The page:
Caputo, P., 2013, The longest road: overland in search of America from Key West to the Arctic Ocean: Henry Holt and Company, New York.

I had only one hard-and-fast rule:  avoid interstates.  They are predictable and boring and their uniformity somehow erases changes in landscape; you can drive six hundred miles, from forests into deserts, and fell that you haven’t gone anywhere.  In a sense, you haven’t.  You have no idea about the lives of the people in the towns and cities you’ve bypassed at seventy miles an hour.      Phillip Caputo

Saturday, April 22, 2017


I continue to be fascinated by minerals containing the element arsenic (As).  The arsenate minerals are those minerals containing the anion AsO4- - -  and are often grouped/studied together with the phosphate minerals [PO4 - - -] and the vanadate minerals [VO4- - -].  Since these three anions are about the same size with the same charge, minus-3, they often replace and substitute for each other and a new mineral is born. I have written many posts about the arsenates and they include a metallic cation plus the AsO4 anion: annabergite (nickel), austenite (copper and zinc), clinoclase (copper), conichalcite (calcite and copper), cornubite (copper), cornwallite (copper), erythrite (cobalt), chenevixite (copper and iron), mimetite (lead), and olivenite (copper).  An example, annabergite: Ni3(AsO4)2-8H2O

The arsenite minerals are those containing arsenic in a metallic role and cation (As) and often combing with other metals which in turn combine with sulfur (the anion) to form a sulfide: arsenopyrite (iron), cobaltite (cobalt), enargite (copper), orpiment (arsenic), realgar (arsenic), proustite (silver), tennantite (copper). Example, enargite: Cu3AsS4

The arsenide minerals have arsenic (As) as its major anion: algodonite (copper), domeykite (copper), nickeline (nickel), skutterudite (cobalt, nickel), lollingite (iron).  Example, nickeline: NiAs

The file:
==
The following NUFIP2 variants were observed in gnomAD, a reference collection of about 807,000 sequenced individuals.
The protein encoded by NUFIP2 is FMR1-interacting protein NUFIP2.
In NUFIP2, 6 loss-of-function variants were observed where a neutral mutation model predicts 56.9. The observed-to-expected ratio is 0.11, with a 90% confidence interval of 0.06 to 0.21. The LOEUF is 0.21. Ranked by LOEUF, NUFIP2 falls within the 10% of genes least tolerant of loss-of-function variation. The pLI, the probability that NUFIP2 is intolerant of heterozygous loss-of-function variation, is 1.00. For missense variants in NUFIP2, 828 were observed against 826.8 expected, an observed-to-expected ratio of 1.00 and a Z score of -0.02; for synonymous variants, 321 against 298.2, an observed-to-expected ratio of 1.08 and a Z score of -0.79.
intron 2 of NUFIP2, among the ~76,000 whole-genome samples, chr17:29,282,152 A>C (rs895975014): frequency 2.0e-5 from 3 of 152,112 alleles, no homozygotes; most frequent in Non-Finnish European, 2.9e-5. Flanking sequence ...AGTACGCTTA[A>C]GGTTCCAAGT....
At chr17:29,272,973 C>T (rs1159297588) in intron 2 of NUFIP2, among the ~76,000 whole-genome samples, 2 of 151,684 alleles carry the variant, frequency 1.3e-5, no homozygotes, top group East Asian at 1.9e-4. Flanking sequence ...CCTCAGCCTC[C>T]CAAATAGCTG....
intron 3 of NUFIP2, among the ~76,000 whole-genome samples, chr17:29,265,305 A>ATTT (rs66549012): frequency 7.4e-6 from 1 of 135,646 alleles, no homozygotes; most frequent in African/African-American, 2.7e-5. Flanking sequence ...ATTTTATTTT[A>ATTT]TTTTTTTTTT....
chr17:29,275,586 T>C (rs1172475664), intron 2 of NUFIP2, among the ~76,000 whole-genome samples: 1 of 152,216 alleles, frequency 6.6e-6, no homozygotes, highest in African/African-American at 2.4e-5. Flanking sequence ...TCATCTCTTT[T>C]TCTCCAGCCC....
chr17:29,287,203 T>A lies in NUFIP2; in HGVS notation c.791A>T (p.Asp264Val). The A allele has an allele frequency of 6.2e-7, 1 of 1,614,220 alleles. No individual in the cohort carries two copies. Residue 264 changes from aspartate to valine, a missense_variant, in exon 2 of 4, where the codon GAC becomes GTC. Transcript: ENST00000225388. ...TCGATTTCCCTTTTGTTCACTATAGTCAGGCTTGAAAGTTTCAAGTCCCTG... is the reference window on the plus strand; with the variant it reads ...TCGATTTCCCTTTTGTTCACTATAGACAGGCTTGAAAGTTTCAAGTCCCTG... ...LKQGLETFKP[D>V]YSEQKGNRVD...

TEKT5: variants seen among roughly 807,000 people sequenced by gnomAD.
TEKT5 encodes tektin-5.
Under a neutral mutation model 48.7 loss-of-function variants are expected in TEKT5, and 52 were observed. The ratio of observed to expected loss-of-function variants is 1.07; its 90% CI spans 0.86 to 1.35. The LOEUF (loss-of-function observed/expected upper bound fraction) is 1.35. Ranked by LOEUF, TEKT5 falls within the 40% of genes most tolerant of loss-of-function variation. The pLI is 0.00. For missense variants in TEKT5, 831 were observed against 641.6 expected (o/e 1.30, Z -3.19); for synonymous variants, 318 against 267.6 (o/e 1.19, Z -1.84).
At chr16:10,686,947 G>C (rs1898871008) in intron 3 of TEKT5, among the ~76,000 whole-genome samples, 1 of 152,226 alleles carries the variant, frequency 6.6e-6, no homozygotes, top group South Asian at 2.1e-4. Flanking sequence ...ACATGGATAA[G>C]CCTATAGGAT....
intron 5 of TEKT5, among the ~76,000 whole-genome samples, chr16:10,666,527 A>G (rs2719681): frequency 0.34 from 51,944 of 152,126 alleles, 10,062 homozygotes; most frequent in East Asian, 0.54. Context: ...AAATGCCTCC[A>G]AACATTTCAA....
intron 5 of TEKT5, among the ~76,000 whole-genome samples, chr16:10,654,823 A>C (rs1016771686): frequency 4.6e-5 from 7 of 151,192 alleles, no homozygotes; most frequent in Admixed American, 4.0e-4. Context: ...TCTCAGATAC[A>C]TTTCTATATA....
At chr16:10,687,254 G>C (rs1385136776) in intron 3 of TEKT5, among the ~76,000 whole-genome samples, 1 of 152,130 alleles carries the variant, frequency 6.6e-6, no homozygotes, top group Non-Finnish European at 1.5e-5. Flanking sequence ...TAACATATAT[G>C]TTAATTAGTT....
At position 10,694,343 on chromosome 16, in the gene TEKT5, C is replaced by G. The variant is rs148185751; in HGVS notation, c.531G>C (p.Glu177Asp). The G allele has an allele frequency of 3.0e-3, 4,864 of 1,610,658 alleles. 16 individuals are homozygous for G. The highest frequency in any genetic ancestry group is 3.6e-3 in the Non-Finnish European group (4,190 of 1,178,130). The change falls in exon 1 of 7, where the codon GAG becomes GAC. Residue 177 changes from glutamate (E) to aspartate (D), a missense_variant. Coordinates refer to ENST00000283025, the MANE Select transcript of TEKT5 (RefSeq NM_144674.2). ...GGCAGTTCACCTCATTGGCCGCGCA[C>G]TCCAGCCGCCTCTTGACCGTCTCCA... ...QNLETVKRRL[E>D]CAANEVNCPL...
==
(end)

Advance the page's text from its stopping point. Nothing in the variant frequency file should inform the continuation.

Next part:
The arsenates are the most common minerals containing arsenic while the arsenides are relatively uncommon.  The arsenites are somewhere “in-between.”

Last summer at the CSMS Show I was rummaging around and came across a specimen of chenevixite, a mineral completely unknown to me.  However, the green color indicated the possible presence of copper so I scooped it up.  The price tag in a broken-down specimen box said $2, a good bargain. 
Chenevixite is a hydrated copper iron arsenate with copper and iron as the major cations and the arsenate ion as the anion [Cu(Fe)(AsO4) – (OH)2].  It is a rare mineral and found in the secondary oxidized zone of polymetallic ores.  Chenevixite represents the oxidation product of the primary sulfides enargite and tennantite (both copper arsenic sulfides).   
Coating of green chenevixite on matrix.  Width of specimen ~5.5 cm.
Chenevixite is tough to recognize in hand specimens without knowing something about the mining location—the crystals are much too small to see without help of a magnification device.  The mineral is some sort of a green color from yellow-green to olive green to dark green.  Chenevixite appears as a massive coating on matrix and the crystals are cryptocrystalline, much too small to be picked up with my camera equipment.  Luster is hard to distinguish, not really earthy but certainly not bright, perhaps “oily.”  Hardness is ~4.0 (Mohs) and the massive form appears opaque but that is difficult to determine; it may be semi- translucent.  It does produce a yellow-green streak.

Photomicrographs of massive chenevixite coating matrix.  Individual, submillimeter,  "globs" may be observed in some masses.  Width of specimen ~1.1 cm.
With a name like chenevixite I suspected the name came from a French locality or perhaps a French scientist. It was named for Richard Chenevix (1774-1830) an Irish chemist born in Dublin but who later lived and died in Paris.  Its Type Locality is from Wheal Gorland in Cornwall, England. Chenevixite forms a solid solution series with luetheite as aluminum replaces the iron.

My specimen came from the Chuquicamata Mine in the Atacama Desert of Chile (west Coast).  The scarcity of chenevixite in the world may be due, at least partially, to the fact that it is one of the few arsenic minerals that is stable in arid regions but often leaches in more humid region.  The minerals of the Desert are usually rare in other environments.

Now, here is a question above my pay grade: bronze is a combination of copper and another metal, usually tin, whose discovery, was a great metallurgical feat since it allowed the construction of “harder” implements and weapons. However, the first bronze was made with copper and arsenic and termed arsenical bronze.  I wonder if chenevixite ever provided both copper and arsenic, was ever smelted into bronze? Another one of one of life’s persistent questions!

Albert grunted. Do you know what happens to lads who ask too many questions?
Mort thought for a moment.
No, he said eventually, what?
There was silence.
Then Albert straightened up and said, Damned if I know. Probably they get answers, and serves 'em right.          Terry Pratchett